Dowling Alum, Andy Eckerman, made his mark on Dowling swimming by setting the school record for the 500 freestyle in 1994. Eckerman’s record would go on to taunt Dowling distance swimmers for almost three decades. However, at the 2021 high school state meet, Joe Hancock (11) finally smashed Eckerman’s record by over a second with a time of 4:30.40, while also placing second in the state.
“I knew Joey was going to break that record, it was just a matter of when throughout his career,” Dowling Swimming Head Coach Nick Spike said.
Although Hancock’s coach may have had complete faith in his ability to shatter the record, Hancock wasn’t so sure he’d get it done.
“While I was swimming [the race] I didn’t think I was on pace, and I was wondering if I would actually get it. I also didn’t want to get third, so I was also thinking about that,” Hancock said.
According to his coach, Hancock is an enjoyable swimmer to coach, especially when he has a goal in mind.
“Joey is a blast to coach. He is a swimmer who is able to set the mood of practice for the entire team because of his high-energy and leadership abilities. It was amazing to see him set the goal this season, train hard, and achieve his goal,” Spike said.
Although Hancock is already one of the fastest distance swimmers in Iowa, it’s hard to believe he still has another season left in his high school career. However, Hancock is already looking at the next level of competition.
“I’m talking to D1 colleges all over the place,” Hancock said.
Hancock is not the only one with big expectations. His coach is expecting his last season as a Maroon to be an exceptional one.
“Joey’s senior year will be big. I am expecting to see the Hancock name up on the record board in a few other events between Joey and his twin brother, Tommy. I know he will be able to work hard and accomplish whatever he puts his mind to,” Spike said.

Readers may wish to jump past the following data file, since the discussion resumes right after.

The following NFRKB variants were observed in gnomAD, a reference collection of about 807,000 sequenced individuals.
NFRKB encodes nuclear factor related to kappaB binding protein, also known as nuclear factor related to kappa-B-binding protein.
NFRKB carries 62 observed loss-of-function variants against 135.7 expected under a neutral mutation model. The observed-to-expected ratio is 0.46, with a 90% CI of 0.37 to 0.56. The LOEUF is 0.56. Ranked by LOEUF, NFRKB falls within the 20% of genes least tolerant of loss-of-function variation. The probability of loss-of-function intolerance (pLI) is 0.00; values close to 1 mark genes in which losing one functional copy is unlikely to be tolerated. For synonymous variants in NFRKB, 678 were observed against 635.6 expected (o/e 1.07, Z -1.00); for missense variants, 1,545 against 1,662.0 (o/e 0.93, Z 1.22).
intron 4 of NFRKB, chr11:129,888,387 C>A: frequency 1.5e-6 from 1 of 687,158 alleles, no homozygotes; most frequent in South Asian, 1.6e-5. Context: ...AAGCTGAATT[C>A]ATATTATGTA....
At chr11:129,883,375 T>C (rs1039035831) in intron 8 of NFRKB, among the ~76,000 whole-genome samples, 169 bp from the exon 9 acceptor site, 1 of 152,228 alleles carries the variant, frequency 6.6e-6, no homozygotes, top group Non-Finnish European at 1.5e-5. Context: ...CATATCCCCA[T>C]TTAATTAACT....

According to Hancock, it feels “pretty good” to smash such an iconic record. But how does it feel to have your long-standing record broken? The Post caught up with Dowling Alum and former Texas swimmer Andy Eckerman on what this special moment meant to him.
“I would not have guessed [the record] would stick around this long,” Eckerman said.
Eckerman had an outstanding swimming career for Dowling, achieving not only the school record in the 500 Freestyle but also the state record his senior year. He went on to have a successful career at the University of Texas after high school.
“We won NCAAs my sophomore year, we won the Division 1 Championship. My best year probably was my senior year, that would’ve been the ‘98 National Championships. I still didn’t do great, I went into the meet 13th in the nation and I think I finished 20th,” Eckerman said.
Eckerman and Hancock connected earlier in the season to chat about the possibility of a new name gracing the Dowling recordboard.
“It was around the beginning of the season, maybe January. His dad and I connected, and he didn’t really warn Joey but threw him on the phone with me,” Eckerman said. “I didn’t get the chance to personally congratulate Joey after he broke the record, so make sure to congratulate him for me!”
Eckerman hasn’t forgotten his glory days at Dowling Catholic, and he still enjoys keeping tabs on the team.
“I don’t know if I would say I’m a superfan but I’ve kept track over the years. Coach Crouch is still a friend. For many years I would check in and see how he’s doing and how the team’s done. I’ve talked to a handful of swimmers over the years for one reason or another, so I definitely keep track,” Eckerman said.
Although Eckerman still looks back on his high school swimming career with pride, he was excited to see Hancock’s success.
“I’m very excited for him, right? I’m not like ‘oh too bad.’ It’s like no, that’s great for him. Happy for him…super excited for [him] to see the success [he’s] having and to see that record broken,” Eckerman said.
Although Hancock is ecstatic about his new record, it’s clear that his supporters are just as thrilled about his recent accomplishment.
“I will never forget the look on his face when he looked at the clock to see his time,” Spike said.